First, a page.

Transcriptome and chromatin alterations in social fear indicate association of MEG3 with successful extinction of fear

Melanie Royer, Balagopal Pai, Rohit Menon, Anna Bludau, Katharina Gryksa, Rotem Ben-Tov Perry, Igor Ulitsky, Gunter Meister, Inga D Neumann

Research output: Contribution to journalArticlepeer-review

Abstract

Social anxiety disorder is characterized by a persistent fear and avoidance of social situations, but available treatment options are rather unspecific. Using an established mouse social fear conditioning (SFC) paradigm, we profiled gene expression and chromatin alterations after the acquisition and extinction of social fear within the septum, a brain region important for social fear and social behaviors. Here, we particularly focused on the successful versus unsuccessful outcome of social fear extinction training, which corresponds to treatment responsive versus resistant patients in the clinics. Validation of coding and non-coding RNAs revealed specific isoforms of the long non-coding RNA (lncRNA) Meg3 regulated, depending on the success of social fear extinction. Moreover, PI3K/AKT was differentially activated with extinction success in SFC-mice. In vivo knockdown of specific Meg3 isoforms increased baseline activity of PI3K/AKT signaling, and mildly delayed social fear extinction. Using ATAC-Seq and CUT&RUN, we found alterations in the chromatin structure of specific genes, which might be direct targets of lncRNA Meg3.<br />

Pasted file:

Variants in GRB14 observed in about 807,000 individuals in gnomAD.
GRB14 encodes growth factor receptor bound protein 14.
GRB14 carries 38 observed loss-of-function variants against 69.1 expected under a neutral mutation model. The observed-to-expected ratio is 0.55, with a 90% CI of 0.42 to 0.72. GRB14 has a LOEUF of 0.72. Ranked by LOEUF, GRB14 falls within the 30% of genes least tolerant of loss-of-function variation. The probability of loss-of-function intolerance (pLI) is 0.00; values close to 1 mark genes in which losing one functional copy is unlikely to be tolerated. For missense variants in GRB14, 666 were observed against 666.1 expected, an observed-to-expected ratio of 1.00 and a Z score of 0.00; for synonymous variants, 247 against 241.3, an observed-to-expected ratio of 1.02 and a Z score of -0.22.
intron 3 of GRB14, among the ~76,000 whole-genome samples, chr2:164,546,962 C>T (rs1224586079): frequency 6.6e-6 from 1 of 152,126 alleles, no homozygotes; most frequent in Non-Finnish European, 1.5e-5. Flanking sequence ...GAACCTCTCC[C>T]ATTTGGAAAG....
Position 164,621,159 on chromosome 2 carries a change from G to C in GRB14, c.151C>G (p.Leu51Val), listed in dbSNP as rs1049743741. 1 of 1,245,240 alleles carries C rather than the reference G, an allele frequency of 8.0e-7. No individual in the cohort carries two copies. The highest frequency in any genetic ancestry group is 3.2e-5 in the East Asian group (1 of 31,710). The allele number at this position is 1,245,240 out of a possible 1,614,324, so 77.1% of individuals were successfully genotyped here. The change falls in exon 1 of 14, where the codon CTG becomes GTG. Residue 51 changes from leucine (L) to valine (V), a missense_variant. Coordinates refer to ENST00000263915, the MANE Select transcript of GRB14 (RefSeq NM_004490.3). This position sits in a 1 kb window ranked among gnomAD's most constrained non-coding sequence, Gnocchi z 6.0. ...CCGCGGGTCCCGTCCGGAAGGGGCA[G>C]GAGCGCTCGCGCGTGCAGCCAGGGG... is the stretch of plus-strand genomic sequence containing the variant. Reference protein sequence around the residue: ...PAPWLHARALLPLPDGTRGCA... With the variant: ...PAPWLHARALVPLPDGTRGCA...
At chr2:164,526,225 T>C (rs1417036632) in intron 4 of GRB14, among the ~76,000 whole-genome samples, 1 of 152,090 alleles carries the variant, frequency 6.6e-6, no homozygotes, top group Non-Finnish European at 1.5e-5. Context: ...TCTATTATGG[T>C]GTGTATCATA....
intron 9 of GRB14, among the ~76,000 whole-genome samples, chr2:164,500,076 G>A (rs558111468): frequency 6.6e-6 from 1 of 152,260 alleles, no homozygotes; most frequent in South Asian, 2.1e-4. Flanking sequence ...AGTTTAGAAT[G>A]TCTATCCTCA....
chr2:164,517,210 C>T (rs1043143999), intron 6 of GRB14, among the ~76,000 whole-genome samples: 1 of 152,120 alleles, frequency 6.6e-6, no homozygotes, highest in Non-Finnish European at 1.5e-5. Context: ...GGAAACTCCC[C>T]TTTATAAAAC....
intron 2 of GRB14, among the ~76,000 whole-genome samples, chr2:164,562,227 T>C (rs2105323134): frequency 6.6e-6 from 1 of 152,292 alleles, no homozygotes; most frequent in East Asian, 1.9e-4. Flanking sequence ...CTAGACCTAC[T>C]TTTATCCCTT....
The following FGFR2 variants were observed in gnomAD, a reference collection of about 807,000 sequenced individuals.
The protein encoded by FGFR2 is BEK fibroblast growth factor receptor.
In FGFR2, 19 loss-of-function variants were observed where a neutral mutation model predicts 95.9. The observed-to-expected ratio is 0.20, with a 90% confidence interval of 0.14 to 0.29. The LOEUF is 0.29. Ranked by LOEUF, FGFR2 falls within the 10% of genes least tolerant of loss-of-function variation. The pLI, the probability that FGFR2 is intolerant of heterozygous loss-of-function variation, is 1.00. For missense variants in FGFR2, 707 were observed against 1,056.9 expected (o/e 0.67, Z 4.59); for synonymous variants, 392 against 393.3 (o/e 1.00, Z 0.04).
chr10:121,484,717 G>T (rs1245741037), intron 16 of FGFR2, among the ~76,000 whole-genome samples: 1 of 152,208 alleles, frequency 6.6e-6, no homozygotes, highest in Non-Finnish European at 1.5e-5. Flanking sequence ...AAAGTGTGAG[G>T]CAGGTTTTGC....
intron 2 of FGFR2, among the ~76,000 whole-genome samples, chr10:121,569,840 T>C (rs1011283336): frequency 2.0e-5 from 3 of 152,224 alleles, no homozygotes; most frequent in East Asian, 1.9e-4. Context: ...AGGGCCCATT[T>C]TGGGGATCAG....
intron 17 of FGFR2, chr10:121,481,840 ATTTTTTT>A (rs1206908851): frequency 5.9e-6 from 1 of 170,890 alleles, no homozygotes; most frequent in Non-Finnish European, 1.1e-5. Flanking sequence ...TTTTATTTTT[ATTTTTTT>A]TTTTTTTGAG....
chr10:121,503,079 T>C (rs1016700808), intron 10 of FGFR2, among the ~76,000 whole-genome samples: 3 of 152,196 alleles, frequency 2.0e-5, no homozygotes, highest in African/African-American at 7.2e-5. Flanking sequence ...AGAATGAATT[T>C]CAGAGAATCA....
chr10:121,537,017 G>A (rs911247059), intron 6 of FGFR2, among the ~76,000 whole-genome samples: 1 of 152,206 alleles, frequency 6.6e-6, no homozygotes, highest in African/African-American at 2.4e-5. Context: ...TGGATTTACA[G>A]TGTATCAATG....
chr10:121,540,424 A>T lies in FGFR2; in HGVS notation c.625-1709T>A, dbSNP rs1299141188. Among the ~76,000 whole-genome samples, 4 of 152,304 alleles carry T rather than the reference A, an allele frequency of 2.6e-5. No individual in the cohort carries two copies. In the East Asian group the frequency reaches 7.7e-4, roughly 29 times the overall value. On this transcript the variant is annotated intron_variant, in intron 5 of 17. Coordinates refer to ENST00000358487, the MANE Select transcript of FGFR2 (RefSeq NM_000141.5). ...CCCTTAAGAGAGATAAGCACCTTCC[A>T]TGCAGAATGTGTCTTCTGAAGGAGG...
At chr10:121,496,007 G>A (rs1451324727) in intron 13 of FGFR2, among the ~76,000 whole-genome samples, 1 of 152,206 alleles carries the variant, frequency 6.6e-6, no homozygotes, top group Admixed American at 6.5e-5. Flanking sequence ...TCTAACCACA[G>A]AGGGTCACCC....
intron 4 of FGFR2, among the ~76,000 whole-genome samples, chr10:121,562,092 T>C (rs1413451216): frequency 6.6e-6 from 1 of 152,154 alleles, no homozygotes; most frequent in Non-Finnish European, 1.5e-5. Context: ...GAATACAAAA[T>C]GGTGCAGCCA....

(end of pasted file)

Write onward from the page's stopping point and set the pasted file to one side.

Original languageEnglish
Pages (from-to)4064-4076
Number of pages13
JournalMolecular Psychiatry
Volume27
Early online date25 Mar 2022
DOIs
StatePublished - Oct 2022

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